TOKYO (Reuters) - Japan’s travel ban aimed at stopping the spread of the coronavirus has hit most European firms in the country and could prompt them to rethink their future in the world’s third-largest economy, a European business lobby said on Wednesday.
Many countries have imposed travel curbs amid the pandemic, but Japan’s are among the strictest, effectively banning entry to tourists and visa holders coming from 129 countries.
Even permanent residents are not allowed in unless they are granted an exception on humanitarian grounds. In the United States and Europe, in contrast, non-citizen residents are allowed to return.
A recent survey by the European Business Council of 376 members in Japan showed that 85% had been negatively impacted by the ban, with 44% reporting financial losses. The EBC said the travel restrictions run counter to international treaties.
“This situation may also trigger some investment disputes against Japan,” EBC president Michael Mroczek told reporters.
The way the ban was handled creates an air of unpredictability that may cause CEOs to “rethink their policy regarding Japan,” he said.
Japan allows its citizens to return to the country if they take a coronavirus test at the port of entry and observe a period of self-quarantine.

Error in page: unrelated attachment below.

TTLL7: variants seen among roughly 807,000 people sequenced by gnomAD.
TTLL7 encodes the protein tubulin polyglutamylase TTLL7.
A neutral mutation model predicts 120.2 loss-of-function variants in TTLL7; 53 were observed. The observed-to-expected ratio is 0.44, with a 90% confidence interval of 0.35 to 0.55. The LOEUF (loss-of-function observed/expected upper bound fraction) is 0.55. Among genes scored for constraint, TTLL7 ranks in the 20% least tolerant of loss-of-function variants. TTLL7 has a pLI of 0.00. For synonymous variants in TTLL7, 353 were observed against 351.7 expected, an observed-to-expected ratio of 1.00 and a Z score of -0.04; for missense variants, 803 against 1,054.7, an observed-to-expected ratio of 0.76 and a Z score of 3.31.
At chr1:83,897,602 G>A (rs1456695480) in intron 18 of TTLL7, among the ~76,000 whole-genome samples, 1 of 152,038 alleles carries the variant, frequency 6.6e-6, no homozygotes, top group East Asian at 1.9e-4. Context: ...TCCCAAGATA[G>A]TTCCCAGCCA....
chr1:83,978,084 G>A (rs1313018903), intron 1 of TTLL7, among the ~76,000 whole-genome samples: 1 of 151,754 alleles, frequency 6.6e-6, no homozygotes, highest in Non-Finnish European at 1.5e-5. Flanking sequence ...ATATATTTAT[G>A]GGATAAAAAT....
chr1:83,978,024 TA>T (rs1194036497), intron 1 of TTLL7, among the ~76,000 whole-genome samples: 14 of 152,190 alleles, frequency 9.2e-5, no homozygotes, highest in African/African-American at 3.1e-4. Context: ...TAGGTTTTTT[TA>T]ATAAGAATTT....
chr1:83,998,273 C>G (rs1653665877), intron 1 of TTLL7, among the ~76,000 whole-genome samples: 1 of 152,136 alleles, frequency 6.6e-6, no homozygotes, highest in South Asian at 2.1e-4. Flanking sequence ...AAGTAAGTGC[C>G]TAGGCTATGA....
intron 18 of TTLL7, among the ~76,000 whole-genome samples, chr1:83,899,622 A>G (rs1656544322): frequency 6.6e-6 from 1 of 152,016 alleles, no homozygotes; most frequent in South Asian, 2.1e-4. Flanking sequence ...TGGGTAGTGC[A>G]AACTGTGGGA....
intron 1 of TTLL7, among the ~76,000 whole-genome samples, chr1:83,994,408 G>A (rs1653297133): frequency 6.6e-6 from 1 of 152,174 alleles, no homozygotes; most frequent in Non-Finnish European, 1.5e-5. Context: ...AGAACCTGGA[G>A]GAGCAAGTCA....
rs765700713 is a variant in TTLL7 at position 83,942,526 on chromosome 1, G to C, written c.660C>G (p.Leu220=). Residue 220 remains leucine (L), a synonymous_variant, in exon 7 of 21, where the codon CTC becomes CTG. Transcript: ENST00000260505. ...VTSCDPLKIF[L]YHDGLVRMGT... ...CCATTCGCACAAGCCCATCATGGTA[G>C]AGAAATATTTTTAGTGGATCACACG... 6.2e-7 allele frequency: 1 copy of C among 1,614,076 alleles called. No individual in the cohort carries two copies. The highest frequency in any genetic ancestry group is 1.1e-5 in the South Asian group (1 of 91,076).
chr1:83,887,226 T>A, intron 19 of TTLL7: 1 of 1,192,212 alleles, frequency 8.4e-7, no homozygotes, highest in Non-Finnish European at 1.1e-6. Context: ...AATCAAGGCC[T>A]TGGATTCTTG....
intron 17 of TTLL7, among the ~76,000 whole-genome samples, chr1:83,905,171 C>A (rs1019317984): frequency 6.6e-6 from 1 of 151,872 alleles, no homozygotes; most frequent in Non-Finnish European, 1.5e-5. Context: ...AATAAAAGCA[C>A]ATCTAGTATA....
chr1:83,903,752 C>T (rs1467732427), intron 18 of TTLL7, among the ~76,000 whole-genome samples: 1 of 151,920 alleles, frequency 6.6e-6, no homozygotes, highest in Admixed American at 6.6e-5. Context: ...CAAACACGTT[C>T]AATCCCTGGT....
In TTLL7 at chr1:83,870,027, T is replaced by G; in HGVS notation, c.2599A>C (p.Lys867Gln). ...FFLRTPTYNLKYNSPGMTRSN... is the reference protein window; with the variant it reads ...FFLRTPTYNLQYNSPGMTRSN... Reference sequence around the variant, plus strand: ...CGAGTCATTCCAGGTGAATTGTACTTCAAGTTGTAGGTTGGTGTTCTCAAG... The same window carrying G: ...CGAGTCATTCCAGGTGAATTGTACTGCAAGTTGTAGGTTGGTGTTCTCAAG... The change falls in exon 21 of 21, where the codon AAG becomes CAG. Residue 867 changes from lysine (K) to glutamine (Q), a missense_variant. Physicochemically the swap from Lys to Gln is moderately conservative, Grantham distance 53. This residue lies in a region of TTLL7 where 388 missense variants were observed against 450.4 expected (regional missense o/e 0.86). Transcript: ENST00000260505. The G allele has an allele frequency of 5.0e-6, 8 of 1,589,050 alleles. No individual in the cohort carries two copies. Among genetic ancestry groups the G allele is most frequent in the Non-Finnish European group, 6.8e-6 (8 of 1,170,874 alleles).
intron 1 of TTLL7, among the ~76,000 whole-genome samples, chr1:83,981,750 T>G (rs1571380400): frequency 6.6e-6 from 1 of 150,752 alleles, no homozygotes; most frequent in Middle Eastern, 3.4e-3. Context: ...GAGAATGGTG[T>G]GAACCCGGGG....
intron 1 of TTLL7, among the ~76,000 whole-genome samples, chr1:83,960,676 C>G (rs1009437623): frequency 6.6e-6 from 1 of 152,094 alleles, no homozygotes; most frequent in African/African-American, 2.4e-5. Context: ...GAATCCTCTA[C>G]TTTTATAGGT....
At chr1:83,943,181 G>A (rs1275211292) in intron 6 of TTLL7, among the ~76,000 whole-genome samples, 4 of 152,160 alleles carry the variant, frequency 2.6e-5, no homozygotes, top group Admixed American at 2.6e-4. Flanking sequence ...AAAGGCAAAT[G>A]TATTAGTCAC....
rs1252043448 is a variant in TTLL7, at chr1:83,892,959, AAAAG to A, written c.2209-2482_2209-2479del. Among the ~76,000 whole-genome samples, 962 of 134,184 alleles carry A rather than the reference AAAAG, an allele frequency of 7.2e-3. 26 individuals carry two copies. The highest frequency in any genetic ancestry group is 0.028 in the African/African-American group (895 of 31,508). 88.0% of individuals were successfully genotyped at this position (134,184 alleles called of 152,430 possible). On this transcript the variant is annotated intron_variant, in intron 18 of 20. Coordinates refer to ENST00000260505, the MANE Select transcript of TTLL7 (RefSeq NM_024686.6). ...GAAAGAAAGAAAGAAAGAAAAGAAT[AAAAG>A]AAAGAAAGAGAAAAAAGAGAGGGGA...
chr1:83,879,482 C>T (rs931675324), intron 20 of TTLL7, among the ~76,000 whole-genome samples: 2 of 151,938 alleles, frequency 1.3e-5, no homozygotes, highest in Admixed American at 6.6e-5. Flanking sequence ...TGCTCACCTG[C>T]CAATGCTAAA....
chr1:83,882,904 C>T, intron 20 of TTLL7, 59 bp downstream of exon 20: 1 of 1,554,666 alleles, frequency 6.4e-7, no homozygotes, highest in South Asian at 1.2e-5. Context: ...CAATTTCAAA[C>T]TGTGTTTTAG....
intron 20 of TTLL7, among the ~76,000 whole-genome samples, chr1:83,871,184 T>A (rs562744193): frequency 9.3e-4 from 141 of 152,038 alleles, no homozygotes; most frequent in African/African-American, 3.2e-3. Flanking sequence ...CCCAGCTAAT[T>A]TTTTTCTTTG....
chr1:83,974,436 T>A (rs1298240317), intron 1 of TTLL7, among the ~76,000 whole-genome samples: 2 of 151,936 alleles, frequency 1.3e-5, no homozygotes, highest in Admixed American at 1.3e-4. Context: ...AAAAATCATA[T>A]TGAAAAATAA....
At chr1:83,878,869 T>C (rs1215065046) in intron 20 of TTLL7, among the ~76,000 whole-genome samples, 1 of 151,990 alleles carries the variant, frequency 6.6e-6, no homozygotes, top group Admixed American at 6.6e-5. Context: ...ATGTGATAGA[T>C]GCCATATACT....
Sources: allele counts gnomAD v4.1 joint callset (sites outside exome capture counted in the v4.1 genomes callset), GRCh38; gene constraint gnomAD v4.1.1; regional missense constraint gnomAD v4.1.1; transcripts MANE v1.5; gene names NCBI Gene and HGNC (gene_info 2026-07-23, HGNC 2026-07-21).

Foreigners living in Japan face much higher hurdles for re-entry, such as demonstrating the need to visit dying relatives or be reunited with family in the country.
Prime Minister Shinzo Abe tweeted on Wednesday that Japan would gradually begin allowing foreign residents with re-entry permits to re-enter the country. Kyodo news said the measure would apply to foreign students and employees of foreign companies.
It was not immediately clear whether the relaxed rules would apply to foreign workers at Japanese companies or to permanent residence holders. Foreign ministry officials were not immediately available for comment.
The EBC’s remarks echoed those of the American Chamber of Commerce in Japan (ACCJ), which has decried the country’s “double standard” in reentry requirements.
Restrictions to contain the spread of the virus have already helped tip Japan’s economy into its first recession in 4-1/2 years, as the country tries to stave off a second wave of infections which has brought total cases there to more than 25,000.
Reporting by Rocky Swift in Tokyo; Additional reporting by Kiyoshi Takenaka and Chang-Ran Kim; Editing by Ana Nicolaci da Costa and Hugh Lawson